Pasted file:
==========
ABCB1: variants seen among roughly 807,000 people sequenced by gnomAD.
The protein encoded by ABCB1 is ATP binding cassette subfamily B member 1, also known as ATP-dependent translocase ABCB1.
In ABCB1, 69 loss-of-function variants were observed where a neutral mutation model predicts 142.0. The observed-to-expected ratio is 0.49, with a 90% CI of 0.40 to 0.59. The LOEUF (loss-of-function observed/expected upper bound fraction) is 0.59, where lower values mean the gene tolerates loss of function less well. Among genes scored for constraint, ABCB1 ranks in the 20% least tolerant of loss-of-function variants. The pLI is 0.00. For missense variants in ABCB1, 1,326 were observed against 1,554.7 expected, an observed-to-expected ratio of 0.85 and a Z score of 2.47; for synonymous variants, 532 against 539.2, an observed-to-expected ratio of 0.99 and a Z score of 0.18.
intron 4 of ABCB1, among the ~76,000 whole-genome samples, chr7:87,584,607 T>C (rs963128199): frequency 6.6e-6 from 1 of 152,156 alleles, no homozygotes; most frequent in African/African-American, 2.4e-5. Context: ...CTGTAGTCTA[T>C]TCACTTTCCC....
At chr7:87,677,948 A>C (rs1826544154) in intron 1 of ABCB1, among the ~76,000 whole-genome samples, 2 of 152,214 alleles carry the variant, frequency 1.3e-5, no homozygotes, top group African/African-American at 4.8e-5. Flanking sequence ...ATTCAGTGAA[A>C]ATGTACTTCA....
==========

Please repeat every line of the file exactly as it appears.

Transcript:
ABCB1: variants seen among roughly 807,000 people sequenced by gnomAD.
The protein encoded by ABCB1 is ATP binding cassette subfamily B member 1, also known as ATP-dependent translocase ABCB1.
In ABCB1, 69 loss-of-function variants were observed where a neutral mutation model predicts 142.0. The observed-to-expected ratio is 0.49, with a 90% CI of 0.40 to 0.59. The LOEUF (loss-of-function observed/expected upper bound fraction) is 0.59, where lower values mean the gene tolerates loss of function less well. Among genes scored for constraint, ABCB1 ranks in the 20% least tolerant of loss-of-function variants. The pLI is 0.00. For missense variants in ABCB1, 1,326 were observed against 1,554.7 expected, an observed-to-expected ratio of 0.85 and a Z score of 2.47; for synonymous variants, 532 against 539.2, an observed-to-expected ratio of 0.99 and a Z score of 0.18.
intron 4 of ABCB1, among the ~76,000 whole-genome samples, chr7:87,584,607 T>C (rs963128199): frequency 6.6e-6 from 1 of 152,156 alleles, no homozygotes; most frequent in African/African-American, 2.4e-5. Context: ...CTGTAGTCTA[T>C]TCACTTTCCC....
At chr7:87,677,948 A>C (rs1826544154) in intron 1 of ABCB1, among the ~76,000 whole-genome samples, 2 of 152,214 alleles carry the variant, frequency 1.3e-5, no homozygotes, top group African/African-American at 4.8e-5. Flanking sequence ...ATTCAGTGAA[A>C]ATGTACTTCA....